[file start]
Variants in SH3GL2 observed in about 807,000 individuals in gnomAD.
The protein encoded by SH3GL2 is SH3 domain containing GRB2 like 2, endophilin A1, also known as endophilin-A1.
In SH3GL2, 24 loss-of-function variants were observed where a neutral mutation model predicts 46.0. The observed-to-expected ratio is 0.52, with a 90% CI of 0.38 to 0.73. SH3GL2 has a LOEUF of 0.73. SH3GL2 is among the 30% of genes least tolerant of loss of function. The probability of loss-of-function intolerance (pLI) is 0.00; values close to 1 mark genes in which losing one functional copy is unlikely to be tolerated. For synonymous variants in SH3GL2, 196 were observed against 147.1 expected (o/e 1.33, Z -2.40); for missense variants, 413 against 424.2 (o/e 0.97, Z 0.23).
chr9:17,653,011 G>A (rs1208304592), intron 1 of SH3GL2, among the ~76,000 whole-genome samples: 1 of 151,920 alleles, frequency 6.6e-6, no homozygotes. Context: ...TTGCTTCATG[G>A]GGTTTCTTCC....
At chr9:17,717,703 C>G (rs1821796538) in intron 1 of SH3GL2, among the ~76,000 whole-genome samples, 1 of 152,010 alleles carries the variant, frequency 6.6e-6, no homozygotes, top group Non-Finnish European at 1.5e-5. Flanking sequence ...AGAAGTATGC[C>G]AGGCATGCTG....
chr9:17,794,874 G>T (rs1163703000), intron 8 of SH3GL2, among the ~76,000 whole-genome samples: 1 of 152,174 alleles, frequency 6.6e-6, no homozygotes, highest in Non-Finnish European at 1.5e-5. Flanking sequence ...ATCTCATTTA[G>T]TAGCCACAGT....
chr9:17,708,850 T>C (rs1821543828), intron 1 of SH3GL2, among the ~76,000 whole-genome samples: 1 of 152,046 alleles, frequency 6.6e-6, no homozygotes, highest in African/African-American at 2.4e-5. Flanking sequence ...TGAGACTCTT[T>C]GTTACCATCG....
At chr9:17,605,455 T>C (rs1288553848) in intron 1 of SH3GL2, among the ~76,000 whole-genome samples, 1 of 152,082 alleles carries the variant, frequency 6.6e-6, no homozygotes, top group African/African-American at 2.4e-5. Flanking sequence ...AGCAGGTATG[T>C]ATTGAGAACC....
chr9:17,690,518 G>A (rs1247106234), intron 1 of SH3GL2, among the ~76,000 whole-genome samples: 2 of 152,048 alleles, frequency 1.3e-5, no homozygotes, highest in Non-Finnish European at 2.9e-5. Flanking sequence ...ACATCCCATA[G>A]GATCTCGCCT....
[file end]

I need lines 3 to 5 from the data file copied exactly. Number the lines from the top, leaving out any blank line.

In SH3GL2, 24 loss-of-function variants were observed where a neutral mutation model predicts 46.0. The observed-to-expected ratio is 0.52, with a 90% CI of 0.38 to 0.73. SH3GL2 has a LOEUF of 0.73. SH3GL2 is among the 30% of genes least tolerant of loss of function. The probability of loss-of-function intolerance (pLI) is 0.00; values close to 1 mark genes in which losing one functional copy is unlikely to be tolerated. For synonymous variants in SH3GL2, 196 were observed against 147.1 expected (o/e 1.33, Z -2.40); for missense variants, 413 against 424.2 (o/e 0.97, Z 0.23).
chr9:17,653,011 G>A (rs1208304592), intron 1 of SH3GL2, among the ~76,000 whole-genome samples: 1 of 151,920 alleles, frequency 6.6e-6, no homozygotes. Context: ...TTGCTTCATG[G>A]GGTTTCTTCC....
At chr9:17,717,703 C>G (rs1821796538) in intron 1 of SH3GL2, among the ~76,000 whole-genome samples, 1 of 152,010 alleles carries the variant, frequency 6.6e-6, no homozygotes, top group Non-Finnish European at 1.5e-5. Flanking sequence ...AGAAGTATGC[C>G]AGGCATGCTG....